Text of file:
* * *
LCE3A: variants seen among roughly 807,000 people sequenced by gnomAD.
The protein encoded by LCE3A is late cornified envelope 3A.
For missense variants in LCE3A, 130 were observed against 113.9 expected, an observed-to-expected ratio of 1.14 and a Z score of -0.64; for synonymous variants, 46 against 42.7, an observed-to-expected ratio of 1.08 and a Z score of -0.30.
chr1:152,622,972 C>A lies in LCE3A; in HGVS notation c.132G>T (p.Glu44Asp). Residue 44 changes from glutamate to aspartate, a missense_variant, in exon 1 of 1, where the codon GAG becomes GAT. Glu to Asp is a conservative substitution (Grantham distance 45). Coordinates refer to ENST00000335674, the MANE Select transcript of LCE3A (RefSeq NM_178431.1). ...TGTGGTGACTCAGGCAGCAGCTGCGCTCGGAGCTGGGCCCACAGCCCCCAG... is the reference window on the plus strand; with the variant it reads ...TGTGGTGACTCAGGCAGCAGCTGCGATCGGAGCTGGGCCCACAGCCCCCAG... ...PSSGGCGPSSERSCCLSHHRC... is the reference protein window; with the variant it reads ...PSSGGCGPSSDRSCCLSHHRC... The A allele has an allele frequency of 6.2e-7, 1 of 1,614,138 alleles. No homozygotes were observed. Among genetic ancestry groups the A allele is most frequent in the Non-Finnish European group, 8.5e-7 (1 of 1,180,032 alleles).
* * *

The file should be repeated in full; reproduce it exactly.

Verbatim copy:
LCE3A: variants seen among roughly 807,000 people sequenced by gnomAD.
The protein encoded by LCE3A is late cornified envelope 3A.
For missense variants in LCE3A, 130 were observed against 113.9 expected, an observed-to-expected ratio of 1.14 and a Z score of -0.64; for synonymous variants, 46 against 42.7, an observed-to-expected ratio of 1.08 and a Z score of -0.30.
chr1:152,622,972 C>A lies in LCE3A; in HGVS notation c.132G>T (p.Glu44Asp). Residue 44 changes from glutamate to aspartate, a missense_variant, in exon 1 of 1, where the codon GAG becomes GAT. Glu to Asp is a conservative substitution (Grantham distance 45). Coordinates refer to ENST00000335674, the MANE Select transcript of LCE3A (RefSeq NM_178431.1). ...TGTGGTGACTCAGGCAGCAGCTGCGCTCGGAGCTGGGCCCACAGCCCCCAG... is the reference window on the plus strand; with the variant it reads ...TGTGGTGACTCAGGCAGCAGCTGCGATCGGAGCTGGGCCCACAGCCCCCAG... ...PSSGGCGPSSERSCCLSHHRC... is the reference protein window; with the variant it reads ...PSSGGCGPSSDRSCCLSHHRC... The A allele has an allele frequency of 6.2e-7, 1 of 1,614,138 alleles. No homozygotes were observed. Among genetic ancestry groups the A allele is most frequent in the Non-Finnish European group, 8.5e-7 (1 of 1,180,032 alleles).